India's women in uniform will soon smash a massive glass ceiling that has held for 83 years of the Indian Air Force's history. On Thursday, IAF boss, Air Chief Marshal Arup Raha, announced that women would soon be cleared for flying fighter aircraft, for the first time allowing women into front line combat.
So far, the IAF's 1,500 women officers have been employed in logistic and administrative roles. About a hundred have earned their pilots wings, but they fly only transport aircraft and helicopters. These women pilots actually do perform combat roles, but they do not share the glamour and machismo that fighter pilots the world over have traditionally arrogated to themselves.
In the sub-continent, Pakistan took the lead in allowing women into fighter cockpits. Now, says Raha, Indian women too will deliberately and knowingly fly into combat.
"We are now planning to induct them into the fighter stream to meet the aspirations of young women of India," said the IAF chief.
Raha said a proposal has been sent to the defence ministry, and it is a matter of time before women fly fighters. Given the training required, it would be at least two-to-three years before India's first women fighter pilots are commissioned into the IAF.
The modest and low-key Raha is proving to be an unexpectedly reformist air force chief. He has done more than any of his predecessors to induct the indigenous Tejas fighter into service, a step that will go a long way to revive falling squadron numbers. Now he has taken the reformist step of allowing women as fighter pilots.
The air force is now ahead of the army and navy, which are still dragging their feet in permitting women into combat roles. The barrier between combat and non-combat, though, is steadily blurring. Naval women officers are not permitted into the executive branch, which actually sails warships and mans (not yet "womans") its weapons systems. Yet, these women physically sail into harms way as logistics and administrative officers on frontline warships.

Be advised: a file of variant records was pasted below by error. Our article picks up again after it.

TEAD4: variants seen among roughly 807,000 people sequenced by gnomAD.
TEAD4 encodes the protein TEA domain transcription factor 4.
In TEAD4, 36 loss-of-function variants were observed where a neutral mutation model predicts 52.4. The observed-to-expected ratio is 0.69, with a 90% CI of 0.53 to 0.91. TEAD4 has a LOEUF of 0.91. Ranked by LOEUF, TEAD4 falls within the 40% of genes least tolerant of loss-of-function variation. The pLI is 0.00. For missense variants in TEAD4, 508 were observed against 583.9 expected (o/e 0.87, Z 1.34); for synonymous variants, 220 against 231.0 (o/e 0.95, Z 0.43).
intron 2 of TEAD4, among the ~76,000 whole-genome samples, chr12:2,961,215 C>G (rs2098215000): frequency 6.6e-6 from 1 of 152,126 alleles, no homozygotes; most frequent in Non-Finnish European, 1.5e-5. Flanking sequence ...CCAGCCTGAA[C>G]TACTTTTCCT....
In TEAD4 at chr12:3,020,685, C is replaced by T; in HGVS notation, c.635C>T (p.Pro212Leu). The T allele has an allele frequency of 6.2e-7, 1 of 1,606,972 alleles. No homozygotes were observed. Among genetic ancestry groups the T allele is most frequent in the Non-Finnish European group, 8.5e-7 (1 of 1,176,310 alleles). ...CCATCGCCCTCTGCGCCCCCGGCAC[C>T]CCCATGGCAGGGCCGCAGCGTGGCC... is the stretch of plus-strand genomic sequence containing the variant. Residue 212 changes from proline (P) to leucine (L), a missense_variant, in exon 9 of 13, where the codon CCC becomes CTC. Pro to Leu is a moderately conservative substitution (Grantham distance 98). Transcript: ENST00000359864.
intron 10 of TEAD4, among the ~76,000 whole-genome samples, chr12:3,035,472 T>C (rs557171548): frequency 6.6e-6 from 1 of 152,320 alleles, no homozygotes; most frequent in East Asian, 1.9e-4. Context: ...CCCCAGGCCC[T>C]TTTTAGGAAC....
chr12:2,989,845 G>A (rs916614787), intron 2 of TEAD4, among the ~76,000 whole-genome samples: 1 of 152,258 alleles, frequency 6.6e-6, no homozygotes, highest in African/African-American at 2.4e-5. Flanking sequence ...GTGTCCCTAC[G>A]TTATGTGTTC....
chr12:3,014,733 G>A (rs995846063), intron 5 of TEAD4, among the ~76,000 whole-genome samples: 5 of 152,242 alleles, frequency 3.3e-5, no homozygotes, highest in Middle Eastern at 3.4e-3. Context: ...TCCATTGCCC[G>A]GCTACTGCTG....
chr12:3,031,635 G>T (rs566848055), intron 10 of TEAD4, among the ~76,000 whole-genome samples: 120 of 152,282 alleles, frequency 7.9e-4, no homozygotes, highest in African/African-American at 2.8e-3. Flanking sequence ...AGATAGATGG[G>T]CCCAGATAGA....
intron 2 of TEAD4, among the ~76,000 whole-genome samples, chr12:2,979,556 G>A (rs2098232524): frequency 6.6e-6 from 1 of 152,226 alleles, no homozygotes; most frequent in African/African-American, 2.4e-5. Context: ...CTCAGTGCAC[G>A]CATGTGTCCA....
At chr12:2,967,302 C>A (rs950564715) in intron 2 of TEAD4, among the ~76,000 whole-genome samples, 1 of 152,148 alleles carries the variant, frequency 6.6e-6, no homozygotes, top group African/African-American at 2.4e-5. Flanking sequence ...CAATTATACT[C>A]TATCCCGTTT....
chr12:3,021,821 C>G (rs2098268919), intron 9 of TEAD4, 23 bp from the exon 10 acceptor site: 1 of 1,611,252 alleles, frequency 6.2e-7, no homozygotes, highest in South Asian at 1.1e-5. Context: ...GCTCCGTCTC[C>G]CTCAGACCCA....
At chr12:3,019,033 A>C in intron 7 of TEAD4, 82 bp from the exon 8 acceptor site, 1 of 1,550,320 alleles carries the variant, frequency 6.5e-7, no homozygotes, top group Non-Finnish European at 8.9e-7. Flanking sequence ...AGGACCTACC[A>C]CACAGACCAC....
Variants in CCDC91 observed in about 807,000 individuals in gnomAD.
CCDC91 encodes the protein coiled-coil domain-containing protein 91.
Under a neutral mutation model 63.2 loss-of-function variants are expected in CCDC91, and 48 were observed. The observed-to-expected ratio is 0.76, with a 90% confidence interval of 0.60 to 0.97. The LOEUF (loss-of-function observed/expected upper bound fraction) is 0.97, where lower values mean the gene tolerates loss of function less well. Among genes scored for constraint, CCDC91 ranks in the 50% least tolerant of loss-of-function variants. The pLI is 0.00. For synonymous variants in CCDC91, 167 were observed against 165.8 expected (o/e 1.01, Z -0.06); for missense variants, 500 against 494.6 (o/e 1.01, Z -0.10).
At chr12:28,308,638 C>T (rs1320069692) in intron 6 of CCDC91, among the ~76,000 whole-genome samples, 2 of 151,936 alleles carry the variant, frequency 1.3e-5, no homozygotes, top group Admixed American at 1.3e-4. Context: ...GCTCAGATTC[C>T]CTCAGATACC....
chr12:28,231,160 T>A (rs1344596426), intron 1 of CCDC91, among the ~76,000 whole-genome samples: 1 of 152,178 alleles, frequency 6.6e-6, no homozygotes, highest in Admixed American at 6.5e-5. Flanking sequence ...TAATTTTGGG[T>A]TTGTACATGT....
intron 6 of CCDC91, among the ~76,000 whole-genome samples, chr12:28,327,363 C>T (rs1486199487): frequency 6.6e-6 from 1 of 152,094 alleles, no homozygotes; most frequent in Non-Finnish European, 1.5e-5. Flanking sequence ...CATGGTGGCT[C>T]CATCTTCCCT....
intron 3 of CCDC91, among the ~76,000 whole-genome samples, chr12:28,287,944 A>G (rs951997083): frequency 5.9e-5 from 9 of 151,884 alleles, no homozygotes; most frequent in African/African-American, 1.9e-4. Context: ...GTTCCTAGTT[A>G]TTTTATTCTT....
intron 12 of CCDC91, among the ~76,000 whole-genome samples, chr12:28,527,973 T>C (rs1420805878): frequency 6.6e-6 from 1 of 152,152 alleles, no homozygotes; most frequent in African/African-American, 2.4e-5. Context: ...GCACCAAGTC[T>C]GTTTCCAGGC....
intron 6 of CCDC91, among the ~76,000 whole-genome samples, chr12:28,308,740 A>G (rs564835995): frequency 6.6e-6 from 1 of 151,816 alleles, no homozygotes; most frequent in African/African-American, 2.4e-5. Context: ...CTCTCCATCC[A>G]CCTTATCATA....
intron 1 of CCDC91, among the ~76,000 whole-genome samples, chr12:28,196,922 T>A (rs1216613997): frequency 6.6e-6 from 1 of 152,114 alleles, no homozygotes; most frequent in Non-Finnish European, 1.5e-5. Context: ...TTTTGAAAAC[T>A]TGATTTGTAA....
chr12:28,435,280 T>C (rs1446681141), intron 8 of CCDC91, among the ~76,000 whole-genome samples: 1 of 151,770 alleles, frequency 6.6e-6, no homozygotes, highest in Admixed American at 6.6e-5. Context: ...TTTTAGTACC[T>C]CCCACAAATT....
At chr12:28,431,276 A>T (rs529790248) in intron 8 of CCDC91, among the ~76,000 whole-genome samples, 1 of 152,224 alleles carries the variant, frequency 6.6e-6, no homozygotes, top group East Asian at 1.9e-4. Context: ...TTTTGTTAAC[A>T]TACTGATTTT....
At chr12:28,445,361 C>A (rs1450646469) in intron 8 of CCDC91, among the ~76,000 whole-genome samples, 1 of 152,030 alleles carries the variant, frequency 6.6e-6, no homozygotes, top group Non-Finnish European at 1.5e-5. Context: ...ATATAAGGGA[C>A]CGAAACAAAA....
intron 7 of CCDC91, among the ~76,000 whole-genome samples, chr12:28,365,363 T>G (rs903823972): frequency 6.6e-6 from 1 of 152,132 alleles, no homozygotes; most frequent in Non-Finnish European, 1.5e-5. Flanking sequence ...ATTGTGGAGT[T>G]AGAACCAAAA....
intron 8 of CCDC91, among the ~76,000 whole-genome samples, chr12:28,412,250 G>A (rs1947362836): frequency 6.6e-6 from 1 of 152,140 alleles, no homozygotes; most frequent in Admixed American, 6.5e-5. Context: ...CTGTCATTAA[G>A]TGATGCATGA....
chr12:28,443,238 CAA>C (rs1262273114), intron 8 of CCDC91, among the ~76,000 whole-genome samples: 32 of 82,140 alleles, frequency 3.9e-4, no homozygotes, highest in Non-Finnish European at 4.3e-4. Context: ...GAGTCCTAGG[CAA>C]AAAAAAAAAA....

Similarly, women army officers are not allowed to serve in the three combat arms: armoured corps, infantry and mechanised infantry. Even so, they perform equally dangerous jobs as officers in the engineers and signals and logistical services that operate at the frontlines.
Military sociologists have theorised that man's urge to keep women away from frontline soldiering stems from the patrimonial urge to "protect the weaker sex" and safeguard them from rape and abuse. However, this argument has frayed as women increasingly went into combat and proved themselves the equal of men.
The army's last line of defence against allowing women into ground combat roles is that their smaller physique prevents them from carrying heavy combat loads over long distances. Now, the US military, even the hyper-macho Marine Corps, is allowing women to join, provided they can meet the physical standards that men must display.
In India, the barriers have fallen more slowly. India's military began taking in women officers in the early 1990s for a 5-year, short-service tenure. That was extended to ten years, then 14 years. In 2010, the Delhi High Court ruled in favour of army and IAF women officers being allowed long-service, "permanent commissions". Last month, the navy lost a case in the Delhi High Court, becoming the last of the three services allowing permanent commissions to women officers.